I hope you’ll take the next few days in quiet reflection and imagination about your life’s areas of wilderness and wasteland, waiting to be developed in 2019.

Marlo Fox, Executive Director, Think Tank, Inc.

To learn more about Marlo's work, please visit thinktank-inc.org


More Than A Place to Lay My Head

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A couple weeks ago I spent some time in Portland. I had heard and read about the accelerating state of homelessness in Seattle, Portland & other West Coast cities, but this is the first time that I had seen it at this level with my own eyes. I am embarrassed to say that in the moment I found myself going back & forth between staring at the roadside tent camps and just wanting to look away - pretending this wasn't happening to real people in this beautiful city.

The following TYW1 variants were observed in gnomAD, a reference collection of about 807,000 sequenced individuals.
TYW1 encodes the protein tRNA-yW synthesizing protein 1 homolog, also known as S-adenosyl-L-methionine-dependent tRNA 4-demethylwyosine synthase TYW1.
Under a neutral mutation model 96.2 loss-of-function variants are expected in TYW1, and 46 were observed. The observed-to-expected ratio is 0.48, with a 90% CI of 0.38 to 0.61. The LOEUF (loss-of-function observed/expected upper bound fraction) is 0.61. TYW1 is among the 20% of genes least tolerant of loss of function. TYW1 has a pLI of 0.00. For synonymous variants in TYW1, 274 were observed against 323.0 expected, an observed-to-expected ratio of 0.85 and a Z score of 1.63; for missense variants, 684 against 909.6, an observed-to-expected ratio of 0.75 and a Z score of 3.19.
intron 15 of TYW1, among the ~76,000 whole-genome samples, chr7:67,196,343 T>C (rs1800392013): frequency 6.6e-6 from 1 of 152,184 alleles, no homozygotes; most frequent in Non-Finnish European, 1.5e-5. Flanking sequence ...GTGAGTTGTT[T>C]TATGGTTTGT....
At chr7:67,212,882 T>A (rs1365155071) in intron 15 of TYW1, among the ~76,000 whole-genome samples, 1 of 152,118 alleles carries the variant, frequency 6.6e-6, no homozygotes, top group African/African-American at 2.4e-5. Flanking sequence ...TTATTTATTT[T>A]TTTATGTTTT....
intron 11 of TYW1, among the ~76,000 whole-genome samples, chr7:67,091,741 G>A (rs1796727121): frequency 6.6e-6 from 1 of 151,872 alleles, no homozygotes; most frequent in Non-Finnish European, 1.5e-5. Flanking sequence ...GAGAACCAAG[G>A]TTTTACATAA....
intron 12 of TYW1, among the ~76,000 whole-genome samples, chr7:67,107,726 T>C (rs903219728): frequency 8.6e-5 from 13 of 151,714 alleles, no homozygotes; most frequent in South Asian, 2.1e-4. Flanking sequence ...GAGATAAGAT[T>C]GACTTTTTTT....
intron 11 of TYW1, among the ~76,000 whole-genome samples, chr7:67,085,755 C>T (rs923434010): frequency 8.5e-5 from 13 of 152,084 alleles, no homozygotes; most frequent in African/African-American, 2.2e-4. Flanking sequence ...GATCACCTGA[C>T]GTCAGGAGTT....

You see, most of the time poverty & its effects are not so visible to many of us and poverty manifests itself in a variety of ways.